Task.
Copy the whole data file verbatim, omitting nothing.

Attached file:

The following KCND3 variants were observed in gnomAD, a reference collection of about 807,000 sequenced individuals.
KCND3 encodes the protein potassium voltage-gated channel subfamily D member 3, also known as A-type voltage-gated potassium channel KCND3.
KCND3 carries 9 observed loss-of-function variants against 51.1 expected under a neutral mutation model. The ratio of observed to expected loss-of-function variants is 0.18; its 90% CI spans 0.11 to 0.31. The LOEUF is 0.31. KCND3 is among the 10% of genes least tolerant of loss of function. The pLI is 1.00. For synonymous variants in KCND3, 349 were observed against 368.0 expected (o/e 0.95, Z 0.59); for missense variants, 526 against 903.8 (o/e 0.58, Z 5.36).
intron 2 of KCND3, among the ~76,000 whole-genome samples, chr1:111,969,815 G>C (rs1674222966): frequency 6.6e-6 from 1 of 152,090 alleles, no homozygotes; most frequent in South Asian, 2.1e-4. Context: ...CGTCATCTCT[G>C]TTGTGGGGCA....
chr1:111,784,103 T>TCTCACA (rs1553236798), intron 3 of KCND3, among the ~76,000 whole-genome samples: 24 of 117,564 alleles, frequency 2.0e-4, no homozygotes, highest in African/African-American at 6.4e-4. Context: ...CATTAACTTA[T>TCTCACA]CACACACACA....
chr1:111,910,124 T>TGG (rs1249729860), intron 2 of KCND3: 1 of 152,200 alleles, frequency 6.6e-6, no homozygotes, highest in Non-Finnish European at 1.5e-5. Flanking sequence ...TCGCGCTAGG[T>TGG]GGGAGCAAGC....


The following KCND3 variants were observed in gnomAD, a reference collection of about 807,000 sequenced individuals.
KCND3 encodes the protein potassium voltage-gated channel subfamily D member 3, also known as A-type voltage-gated potassium channel KCND3.
KCND3 carries 9 observed loss-of-function variants against 51.1 expected under a neutral mutation model. The ratio of observed to expected loss-of-function variants is 0.18; its 90% CI spans 0.11 to 0.31. The LOEUF is 0.31. KCND3 is among the 10% of genes least tolerant of loss of function. The pLI is 1.00. For synonymous variants in KCND3, 349 were observed against 368.0 expected (o/e 0.95, Z 0.59); for missense variants, 526 against 903.8 (o/e 0.58, Z 5.36).
intron 2 of KCND3, among the ~76,000 whole-genome samples, chr1:111,969,815 G>C (rs1674222966): frequency 6.6e-6 from 1 of 152,090 alleles, no homozygotes; most frequent in South Asian, 2.1e-4. Context: ...CGTCATCTCT[G>C]TTGTGGGGCA....
chr1:111,784,103 T>TCTCACA (rs1553236798), intron 3 of KCND3, among the ~76,000 whole-genome samples: 24 of 117,564 alleles, frequency 2.0e-4, no homozygotes, highest in African/African-American at 6.4e-4. Context: ...CATTAACTTA[T>TCTCACA]CACACACACA....
chr1:111,910,124 T>TGG (rs1249729860), intron 2 of KCND3: 1 of 152,200 alleles, frequency 6.6e-6, no homozygotes, highest in Non-Finnish European at 1.5e-5. Flanking sequence ...TCGCGCTAGG[T>TGG]GGGAGCAAGC....